- At least 7,000 languages are spoken and signed today, but as many as 3,000 languages could disappear in a generation, erasing half of humanity’s cultural, historical, and ecological knowledge. Language extinction is not inevitable. With the right mother-tongue resources, adults can learn their ancestral languages and teach their children, raising new native speakers and keeping their cultures alive — along with their cultural knowledge. In a word, language revitalization is possible. Unfortunately, a majority of endangered languages are also under-resourced, so the grassroots creation of mother-tongue materials is both a method of safeguarding cultural knowledge and a critical first step in the process of language revitalization. In that sense, mother-tongue contribution to Wikimedia projects represents a valuable opportunity for global language revitalization efforts. To date, that potential remains largely untapped. In fact, only about 5% of the world’s languages and 8% of the world’s writing systems are represented across the spectrum of Wikimedia projects, implying a significant gap in the Wikimedia Foundation’s mission to effectively safeguard and disseminate the sum of human knowledge on a global scale. In November, Wikitongues hosted a series of open discussions with Wikipedia, Commons, and WikiSource contributors from across Europe, Asia, and Africa, and identified bottlenecks that prevent or discourage under-resourced communities from contributing in and about their languages. These bottlenecks include 1) general technical challenges, like digitizing native writing systems; 2) Wikimedia-specific technical challenges, namely a cumbersome Wikipedia incubator process and interface translation difficulties; and 3) a relative lack of structural cohesion between different Wikimedia projects. In a word, the absence of a centralized support structure for mother-tongue contribution blocks most under-resourced communities from participating in the Wikimedia movement, on their own cultural terms. The impact of alleviating these challenges would be two-fold. First, expanding support for mother-tongue contribution would cultivate greater diversity within the movement, grow the scope of Wikimedia projects, and strengthen the Wikimedia Foundation’s commitment to guaranteeing equitable access to the sum of human knowledge. Moreover, creating new opportunities for mother-tongue content creation would open new pathways for global language revitalization, ensuring the sum of all knowledge for the next generation. The question, then, is: how can we make it easier, at scale, for people from all cultures, especially under-resourced communities, to access and contribute to Wikimedia projects in their languages?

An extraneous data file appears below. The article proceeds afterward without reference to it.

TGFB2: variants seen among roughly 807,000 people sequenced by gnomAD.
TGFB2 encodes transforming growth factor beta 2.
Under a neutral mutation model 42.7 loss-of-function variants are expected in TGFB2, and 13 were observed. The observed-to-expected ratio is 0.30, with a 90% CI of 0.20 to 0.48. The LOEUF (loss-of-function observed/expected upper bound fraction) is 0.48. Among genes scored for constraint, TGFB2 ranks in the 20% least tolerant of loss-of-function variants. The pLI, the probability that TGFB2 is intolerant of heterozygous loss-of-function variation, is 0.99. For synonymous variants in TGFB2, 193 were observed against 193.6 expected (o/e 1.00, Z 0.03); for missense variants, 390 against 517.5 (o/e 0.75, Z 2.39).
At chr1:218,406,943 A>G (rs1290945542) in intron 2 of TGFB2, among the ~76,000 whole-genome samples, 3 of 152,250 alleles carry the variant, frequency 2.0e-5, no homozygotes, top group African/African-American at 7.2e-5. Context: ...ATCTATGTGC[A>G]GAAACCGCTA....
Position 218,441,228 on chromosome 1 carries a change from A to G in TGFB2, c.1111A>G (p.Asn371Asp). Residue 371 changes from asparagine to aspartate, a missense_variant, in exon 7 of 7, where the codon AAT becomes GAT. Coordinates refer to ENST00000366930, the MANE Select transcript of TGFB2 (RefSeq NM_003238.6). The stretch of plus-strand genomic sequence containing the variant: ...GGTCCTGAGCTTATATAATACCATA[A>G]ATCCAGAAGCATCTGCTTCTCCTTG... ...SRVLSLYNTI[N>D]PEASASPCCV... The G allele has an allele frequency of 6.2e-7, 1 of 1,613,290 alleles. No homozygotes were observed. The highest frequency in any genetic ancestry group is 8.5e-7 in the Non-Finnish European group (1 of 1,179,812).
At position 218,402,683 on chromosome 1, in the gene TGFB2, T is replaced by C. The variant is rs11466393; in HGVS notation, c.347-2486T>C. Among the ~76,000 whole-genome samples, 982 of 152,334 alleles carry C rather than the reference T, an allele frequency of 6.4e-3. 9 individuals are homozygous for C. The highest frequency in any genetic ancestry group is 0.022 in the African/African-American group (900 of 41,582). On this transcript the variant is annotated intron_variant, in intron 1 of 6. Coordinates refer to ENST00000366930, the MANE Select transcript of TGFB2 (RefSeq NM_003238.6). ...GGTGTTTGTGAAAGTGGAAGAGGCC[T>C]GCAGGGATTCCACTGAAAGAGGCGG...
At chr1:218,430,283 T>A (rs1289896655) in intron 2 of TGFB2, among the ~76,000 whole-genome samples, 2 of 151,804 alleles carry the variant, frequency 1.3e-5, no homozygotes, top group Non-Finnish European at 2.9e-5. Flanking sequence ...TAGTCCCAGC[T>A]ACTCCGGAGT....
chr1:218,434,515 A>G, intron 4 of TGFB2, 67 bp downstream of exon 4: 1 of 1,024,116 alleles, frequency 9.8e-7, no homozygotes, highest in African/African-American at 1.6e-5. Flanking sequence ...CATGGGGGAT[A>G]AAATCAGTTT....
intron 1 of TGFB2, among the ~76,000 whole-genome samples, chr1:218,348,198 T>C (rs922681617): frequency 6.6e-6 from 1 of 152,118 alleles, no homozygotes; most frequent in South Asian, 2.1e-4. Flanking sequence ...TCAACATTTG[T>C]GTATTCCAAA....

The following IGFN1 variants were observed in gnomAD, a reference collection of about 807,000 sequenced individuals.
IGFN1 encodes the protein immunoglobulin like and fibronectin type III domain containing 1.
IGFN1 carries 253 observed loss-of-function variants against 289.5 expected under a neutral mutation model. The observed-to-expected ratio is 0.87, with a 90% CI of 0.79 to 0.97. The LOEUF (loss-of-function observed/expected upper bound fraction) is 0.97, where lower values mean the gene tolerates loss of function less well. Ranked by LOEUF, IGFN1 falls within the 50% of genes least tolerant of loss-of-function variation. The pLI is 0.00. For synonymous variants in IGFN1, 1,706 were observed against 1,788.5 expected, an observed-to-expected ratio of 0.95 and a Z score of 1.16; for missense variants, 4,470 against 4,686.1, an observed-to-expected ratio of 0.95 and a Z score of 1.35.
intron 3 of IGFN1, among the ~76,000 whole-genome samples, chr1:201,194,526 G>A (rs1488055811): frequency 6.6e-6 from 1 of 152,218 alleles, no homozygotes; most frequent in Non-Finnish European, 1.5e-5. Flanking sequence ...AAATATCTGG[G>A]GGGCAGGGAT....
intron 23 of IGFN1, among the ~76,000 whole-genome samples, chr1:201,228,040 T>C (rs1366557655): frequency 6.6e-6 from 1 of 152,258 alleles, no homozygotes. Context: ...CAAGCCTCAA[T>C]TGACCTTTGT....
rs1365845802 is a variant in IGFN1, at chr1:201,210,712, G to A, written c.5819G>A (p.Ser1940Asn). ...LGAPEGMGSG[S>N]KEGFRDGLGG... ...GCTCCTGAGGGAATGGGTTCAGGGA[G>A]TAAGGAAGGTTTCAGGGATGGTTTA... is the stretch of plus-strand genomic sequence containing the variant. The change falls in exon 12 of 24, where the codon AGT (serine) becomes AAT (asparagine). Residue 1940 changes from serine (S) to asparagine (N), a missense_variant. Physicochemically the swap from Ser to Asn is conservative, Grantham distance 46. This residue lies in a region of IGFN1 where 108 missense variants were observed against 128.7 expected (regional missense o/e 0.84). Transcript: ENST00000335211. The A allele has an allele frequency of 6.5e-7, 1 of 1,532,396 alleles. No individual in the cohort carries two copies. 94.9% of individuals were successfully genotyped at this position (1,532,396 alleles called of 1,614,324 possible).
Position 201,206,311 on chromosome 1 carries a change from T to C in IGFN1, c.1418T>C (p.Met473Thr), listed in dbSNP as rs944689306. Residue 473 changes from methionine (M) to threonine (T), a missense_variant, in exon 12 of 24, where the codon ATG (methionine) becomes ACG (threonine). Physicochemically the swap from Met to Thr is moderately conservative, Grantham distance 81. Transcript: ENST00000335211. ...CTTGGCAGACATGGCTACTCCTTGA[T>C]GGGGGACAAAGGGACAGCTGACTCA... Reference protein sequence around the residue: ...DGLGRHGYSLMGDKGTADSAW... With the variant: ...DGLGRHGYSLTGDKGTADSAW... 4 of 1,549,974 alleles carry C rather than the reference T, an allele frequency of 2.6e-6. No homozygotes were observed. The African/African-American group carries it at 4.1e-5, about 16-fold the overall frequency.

12. What is the main objective of your proposal? Please state why you think partnering with Wikimedia Movement helps to achieve this objective?
- In 2022, we’ll help four underrepresented communities evaluate how to best engage with the Wikimedia movement based on local needs, and then contribute their languages accordingly to different Wikimedia projects. Based on their experiences, we’ll create a road map for efficient and effective mother-tongue contribution, in the form of a free toolkit that will help improve Wikimedia onboarding for minority language communities, including those with unique writing systems.
13. Describe your main strategies to achieve this objective?
- To date, Wikitongues has safeguarded materials in nearly 700 languages and supported grassroots revitalization projects on three continents. Drawing from our diverse user base, will identify four under-resourced language communities at different stages of revitalization, whose languages are also underrepresented across Wikimedia projects, especially Wikipedia, Commons, and WikiSource. We will recruit representatives from those communities who are eager and able to spearhead Wikimedia contribution efforts for their languages and provide the necessary support to realize those efforts. This support will include: 1) direct financial assistance in the form of project stipends, 2) strategic planning and guidance for cultivating stable, local interest in Wikimedia engagement; 3) technical training for language digitization hurdles, like font creation in native writing systems, 4) technical training for the needs of contributing to Wikimedia projects, like learning Wikipedia’s markup language; and 5) onboarding them to the ecosystem of Wikimedia projects. Specifically, onboarding will include a review of the full range of possibilities for content creation, and the ways in which different Wikimedia projects, especially Wikipedia, Commons, and WikiSource, can play a multidimensional role in the preservation and revitalization of their cultural knowledge, their languages, and their writing systems. We will onboard and train the participants between January and March of 2022. Between April and September of 2022, the participants will conduct the bulk of their initial contribution to Wikimedia projects. Between October and December, we will work with participants to identify the most common and critical challenges they faced in contributing to Wikimedia, within their language community, or elsewhere; and based on these experiences, we’ll build a toolkit for onboarding any language community that wants to add their mother tongue to Wikimedia projects. This will help lay the foundation for building more structured, standardized support for expanding language diversity within the movement.